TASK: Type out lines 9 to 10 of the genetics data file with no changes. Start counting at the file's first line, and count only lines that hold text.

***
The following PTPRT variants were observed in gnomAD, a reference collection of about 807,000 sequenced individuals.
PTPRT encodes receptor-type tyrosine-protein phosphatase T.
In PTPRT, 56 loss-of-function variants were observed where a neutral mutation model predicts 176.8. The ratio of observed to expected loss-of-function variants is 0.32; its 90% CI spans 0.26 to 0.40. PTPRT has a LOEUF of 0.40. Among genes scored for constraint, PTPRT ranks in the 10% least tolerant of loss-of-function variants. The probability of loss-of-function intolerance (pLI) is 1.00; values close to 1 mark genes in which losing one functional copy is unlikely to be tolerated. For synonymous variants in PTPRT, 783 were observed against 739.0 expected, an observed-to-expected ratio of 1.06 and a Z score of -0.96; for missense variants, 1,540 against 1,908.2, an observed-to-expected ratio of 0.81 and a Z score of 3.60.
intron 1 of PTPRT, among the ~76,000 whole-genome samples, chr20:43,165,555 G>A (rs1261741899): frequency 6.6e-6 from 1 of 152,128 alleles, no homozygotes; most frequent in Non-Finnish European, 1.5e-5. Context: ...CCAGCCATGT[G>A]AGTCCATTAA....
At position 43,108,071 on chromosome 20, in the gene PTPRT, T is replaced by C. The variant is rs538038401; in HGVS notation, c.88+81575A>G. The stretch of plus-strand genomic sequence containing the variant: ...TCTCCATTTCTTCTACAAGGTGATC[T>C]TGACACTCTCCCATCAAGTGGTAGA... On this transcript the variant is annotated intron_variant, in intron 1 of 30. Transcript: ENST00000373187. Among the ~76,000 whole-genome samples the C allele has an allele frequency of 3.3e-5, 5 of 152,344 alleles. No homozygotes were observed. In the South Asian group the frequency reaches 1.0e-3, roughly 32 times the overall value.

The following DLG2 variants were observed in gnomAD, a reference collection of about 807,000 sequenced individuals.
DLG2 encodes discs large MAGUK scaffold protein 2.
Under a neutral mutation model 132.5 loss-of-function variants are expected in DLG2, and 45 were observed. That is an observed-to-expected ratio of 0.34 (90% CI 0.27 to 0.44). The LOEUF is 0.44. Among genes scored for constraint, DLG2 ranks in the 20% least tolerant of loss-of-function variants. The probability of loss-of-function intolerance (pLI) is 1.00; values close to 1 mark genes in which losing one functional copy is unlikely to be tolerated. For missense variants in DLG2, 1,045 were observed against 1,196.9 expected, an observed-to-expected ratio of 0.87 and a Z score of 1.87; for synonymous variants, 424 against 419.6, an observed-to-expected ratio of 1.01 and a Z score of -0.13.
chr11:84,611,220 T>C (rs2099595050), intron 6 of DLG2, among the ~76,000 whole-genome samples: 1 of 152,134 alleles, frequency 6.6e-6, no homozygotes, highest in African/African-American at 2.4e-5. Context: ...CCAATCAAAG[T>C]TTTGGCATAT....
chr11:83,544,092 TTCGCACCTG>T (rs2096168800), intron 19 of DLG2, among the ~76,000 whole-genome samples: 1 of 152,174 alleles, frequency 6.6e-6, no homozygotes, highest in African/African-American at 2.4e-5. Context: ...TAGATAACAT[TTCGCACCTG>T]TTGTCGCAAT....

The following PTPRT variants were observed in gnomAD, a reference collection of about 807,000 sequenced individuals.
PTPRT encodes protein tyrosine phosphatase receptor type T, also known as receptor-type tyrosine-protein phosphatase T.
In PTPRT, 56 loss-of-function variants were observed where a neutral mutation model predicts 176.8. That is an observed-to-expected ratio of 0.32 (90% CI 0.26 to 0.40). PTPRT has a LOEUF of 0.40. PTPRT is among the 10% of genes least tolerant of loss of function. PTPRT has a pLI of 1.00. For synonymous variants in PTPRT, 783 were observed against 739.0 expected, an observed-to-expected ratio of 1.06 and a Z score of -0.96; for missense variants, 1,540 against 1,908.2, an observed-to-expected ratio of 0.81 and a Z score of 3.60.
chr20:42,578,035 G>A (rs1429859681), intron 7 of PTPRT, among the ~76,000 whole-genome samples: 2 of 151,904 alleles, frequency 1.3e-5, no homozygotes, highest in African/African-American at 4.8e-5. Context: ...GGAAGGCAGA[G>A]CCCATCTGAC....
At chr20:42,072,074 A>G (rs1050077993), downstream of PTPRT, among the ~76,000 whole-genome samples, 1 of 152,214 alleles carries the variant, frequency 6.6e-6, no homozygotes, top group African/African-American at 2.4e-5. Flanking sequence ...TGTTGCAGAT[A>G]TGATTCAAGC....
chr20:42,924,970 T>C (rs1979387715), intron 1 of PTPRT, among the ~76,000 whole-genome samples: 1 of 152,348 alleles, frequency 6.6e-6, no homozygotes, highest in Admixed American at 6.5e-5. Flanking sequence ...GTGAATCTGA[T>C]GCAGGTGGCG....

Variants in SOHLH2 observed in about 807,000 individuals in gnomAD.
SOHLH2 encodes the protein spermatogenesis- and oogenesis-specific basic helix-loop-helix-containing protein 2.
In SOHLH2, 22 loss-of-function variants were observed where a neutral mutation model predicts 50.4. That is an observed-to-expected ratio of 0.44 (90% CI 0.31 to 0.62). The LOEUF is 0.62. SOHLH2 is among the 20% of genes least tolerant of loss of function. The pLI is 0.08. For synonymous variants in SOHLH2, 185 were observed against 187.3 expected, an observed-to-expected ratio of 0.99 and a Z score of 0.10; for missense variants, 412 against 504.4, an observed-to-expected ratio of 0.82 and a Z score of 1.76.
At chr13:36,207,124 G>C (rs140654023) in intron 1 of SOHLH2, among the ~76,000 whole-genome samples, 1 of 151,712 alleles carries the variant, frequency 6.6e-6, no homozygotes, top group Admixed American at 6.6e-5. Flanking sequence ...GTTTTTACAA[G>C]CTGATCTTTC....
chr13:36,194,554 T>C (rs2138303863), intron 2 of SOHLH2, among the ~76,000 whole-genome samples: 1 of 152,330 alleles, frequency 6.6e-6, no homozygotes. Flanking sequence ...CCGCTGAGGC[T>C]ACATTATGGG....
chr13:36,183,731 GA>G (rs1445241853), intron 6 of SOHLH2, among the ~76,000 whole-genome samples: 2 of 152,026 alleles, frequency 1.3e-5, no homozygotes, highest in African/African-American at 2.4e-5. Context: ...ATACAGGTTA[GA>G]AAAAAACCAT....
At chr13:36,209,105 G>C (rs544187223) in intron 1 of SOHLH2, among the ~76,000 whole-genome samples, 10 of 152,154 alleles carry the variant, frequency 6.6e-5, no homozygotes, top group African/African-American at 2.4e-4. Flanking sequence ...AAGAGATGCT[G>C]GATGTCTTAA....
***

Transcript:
chr11:84,611,220 T>C (rs2099595050), intron 6 of DLG2, among the ~76,000 whole-genome samples: 1 of 152,134 alleles, frequency 6.6e-6, no homozygotes, highest in African/African-American at 2.4e-5. Context: ...CCAATCAAAG[T>C]TTTGGCATAT....
chr11:83,544,092 TTCGCACCTG>T (rs2096168800), intron 19 of DLG2, among the ~76,000 whole-genome samples: 1 of 152,174 alleles, frequency 6.6e-6, no homozygotes, highest in African/African-American at 2.4e-5. Context: ...TAGATAACAT[TTCGCACCTG>T]TTGTCGCAAT....